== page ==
Thursday, September 27, 2018
Desert Trail Column - September 27, 2018
If you missed the Weed Show presentation with Ted Meyers and are still procrastinating about starting your Weed Show creations, you have one more chance to learn some tricks and tips from Weed Show veterans. There will be a hands-on workshop on Saturday, October 13 at the Old Schoolhouse Museum, just north of the entrance to the 29 Palms Inn, from 9 to 11 a.m. Everyone is welcome.
Karen’s Commentary: Thanks go to Bob, Joey and Annie for donating coupons. I sent them out this week to U.S. Navy, Army and Air Force bases located in Japan, Germany and the United Kingdom.
The Food for Life Ministry does a wonderful job of preparing and serving delicious hot meals every Saturday from 3 to 5 p.m. at the Church of the Nazarene, 72603 Juanita Drive in Twentynine Palms. If you do not have transportation to town, Reach Out Morongo Basin may deliver these meals to your home. There is no charge for the meals or for the delivery. Call 760-361-1410 for further information.Handy Hint: Here are some clever hiding places around your home for cash, important papers, jewelry, hard drives, keys or other valuables. 1. Put items in an envelope and tape it to the back or underside of a drawer. 2. Tape items to the back or inside any open cavities of a wall or mantle clock. (Just make sure the clock isn’t worth stealing!) 3. Store a container of items inside a larger bin full of unappealing stuff, such as winter clothing, making sure there is an easily-read label on the large bin. 4. Empty out a new tub of cat litter, put small containers of items in the bottom, then replace the cat litter. 5. Hot glue a magnet to a spare house key & place it up out of sight inside a metal dryer vent. 6. Many wooden dining chairs have space under the seat for an easily-made drop-down hinged panel in which to stash items.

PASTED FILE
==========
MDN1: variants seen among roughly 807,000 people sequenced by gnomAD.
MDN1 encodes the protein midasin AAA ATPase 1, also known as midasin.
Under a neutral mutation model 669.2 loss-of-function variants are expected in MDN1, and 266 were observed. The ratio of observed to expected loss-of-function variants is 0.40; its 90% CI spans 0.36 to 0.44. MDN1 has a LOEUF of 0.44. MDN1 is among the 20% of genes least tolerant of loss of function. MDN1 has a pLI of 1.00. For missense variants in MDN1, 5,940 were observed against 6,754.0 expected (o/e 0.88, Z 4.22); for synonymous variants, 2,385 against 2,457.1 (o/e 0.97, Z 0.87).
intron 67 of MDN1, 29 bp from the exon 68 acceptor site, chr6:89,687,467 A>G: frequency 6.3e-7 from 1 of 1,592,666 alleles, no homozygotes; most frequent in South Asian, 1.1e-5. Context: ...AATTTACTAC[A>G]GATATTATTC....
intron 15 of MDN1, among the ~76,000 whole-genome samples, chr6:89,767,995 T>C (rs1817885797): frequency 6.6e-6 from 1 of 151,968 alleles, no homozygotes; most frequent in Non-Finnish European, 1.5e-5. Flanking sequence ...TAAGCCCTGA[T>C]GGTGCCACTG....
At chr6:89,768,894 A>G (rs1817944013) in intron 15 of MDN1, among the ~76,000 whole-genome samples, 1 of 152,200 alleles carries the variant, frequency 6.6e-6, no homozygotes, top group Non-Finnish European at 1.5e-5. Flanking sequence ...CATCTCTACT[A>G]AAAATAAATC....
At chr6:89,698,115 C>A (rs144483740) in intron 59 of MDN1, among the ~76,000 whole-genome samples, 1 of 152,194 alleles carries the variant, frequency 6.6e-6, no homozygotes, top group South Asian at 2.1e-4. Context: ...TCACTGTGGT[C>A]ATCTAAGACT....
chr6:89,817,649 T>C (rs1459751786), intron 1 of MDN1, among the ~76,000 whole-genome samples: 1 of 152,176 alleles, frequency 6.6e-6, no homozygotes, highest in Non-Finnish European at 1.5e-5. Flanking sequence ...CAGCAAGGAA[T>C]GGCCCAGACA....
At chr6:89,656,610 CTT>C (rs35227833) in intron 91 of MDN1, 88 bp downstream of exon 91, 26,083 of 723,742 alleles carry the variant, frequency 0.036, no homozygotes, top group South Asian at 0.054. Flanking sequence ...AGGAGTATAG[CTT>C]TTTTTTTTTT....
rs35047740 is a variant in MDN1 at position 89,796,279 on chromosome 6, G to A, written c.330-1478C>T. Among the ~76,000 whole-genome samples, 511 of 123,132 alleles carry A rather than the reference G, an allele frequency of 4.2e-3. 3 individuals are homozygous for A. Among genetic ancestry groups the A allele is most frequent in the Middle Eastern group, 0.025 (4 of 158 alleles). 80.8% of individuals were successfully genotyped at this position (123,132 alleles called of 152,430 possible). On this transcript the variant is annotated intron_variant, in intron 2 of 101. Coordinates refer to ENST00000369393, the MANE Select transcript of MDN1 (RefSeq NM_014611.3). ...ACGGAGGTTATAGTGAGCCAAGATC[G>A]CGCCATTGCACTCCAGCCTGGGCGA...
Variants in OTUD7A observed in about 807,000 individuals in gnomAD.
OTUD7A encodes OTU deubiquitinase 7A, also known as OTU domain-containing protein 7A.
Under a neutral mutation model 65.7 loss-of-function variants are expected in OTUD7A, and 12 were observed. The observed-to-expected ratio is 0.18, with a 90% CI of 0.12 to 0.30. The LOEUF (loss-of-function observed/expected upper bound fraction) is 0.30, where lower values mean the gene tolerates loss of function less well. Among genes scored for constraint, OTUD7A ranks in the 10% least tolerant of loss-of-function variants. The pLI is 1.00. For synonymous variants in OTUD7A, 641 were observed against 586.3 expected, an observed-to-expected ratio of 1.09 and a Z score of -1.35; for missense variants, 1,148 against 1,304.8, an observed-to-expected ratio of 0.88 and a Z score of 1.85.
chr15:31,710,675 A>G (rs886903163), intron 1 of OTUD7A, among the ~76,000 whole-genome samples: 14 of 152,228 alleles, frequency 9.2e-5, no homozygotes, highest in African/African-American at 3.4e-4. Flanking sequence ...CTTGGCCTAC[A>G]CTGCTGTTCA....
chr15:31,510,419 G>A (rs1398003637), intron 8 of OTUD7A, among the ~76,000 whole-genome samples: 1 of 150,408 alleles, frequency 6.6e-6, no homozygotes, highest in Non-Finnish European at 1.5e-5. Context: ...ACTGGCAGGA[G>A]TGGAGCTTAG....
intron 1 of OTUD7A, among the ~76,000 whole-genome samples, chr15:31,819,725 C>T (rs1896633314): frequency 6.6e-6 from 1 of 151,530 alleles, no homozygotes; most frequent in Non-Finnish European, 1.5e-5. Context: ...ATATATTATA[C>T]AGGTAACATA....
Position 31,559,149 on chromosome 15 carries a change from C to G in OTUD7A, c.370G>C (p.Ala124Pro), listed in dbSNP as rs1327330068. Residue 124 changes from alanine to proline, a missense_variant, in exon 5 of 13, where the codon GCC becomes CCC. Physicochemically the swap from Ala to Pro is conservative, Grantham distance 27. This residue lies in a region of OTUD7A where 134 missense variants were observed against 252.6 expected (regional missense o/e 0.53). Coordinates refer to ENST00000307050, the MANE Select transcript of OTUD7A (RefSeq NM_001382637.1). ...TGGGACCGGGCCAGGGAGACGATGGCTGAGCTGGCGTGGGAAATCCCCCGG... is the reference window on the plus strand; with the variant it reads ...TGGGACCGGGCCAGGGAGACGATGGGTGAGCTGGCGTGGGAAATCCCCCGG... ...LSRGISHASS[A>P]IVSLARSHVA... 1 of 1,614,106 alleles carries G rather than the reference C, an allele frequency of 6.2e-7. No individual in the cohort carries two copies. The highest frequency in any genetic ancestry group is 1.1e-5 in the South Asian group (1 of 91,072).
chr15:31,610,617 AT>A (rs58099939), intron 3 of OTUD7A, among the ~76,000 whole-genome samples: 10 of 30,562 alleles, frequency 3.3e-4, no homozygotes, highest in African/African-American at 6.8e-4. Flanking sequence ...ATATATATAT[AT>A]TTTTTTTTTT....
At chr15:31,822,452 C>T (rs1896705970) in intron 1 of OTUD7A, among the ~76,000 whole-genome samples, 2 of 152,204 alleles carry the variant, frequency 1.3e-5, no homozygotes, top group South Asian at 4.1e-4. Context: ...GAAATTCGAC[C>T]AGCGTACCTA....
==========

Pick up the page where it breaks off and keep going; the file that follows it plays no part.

Today’s Thought: Seahorses are the slowest fish in the ocean, traveling only five feet in an hour. But they are able to watch their surroundings from all angles because their eyes move separately. In a reversal of traditional roles, the female lays eggs in the belly pouch of the male, then the male rocks back and forth by grasping a piece of seaweed with his tail until the eggs hatch!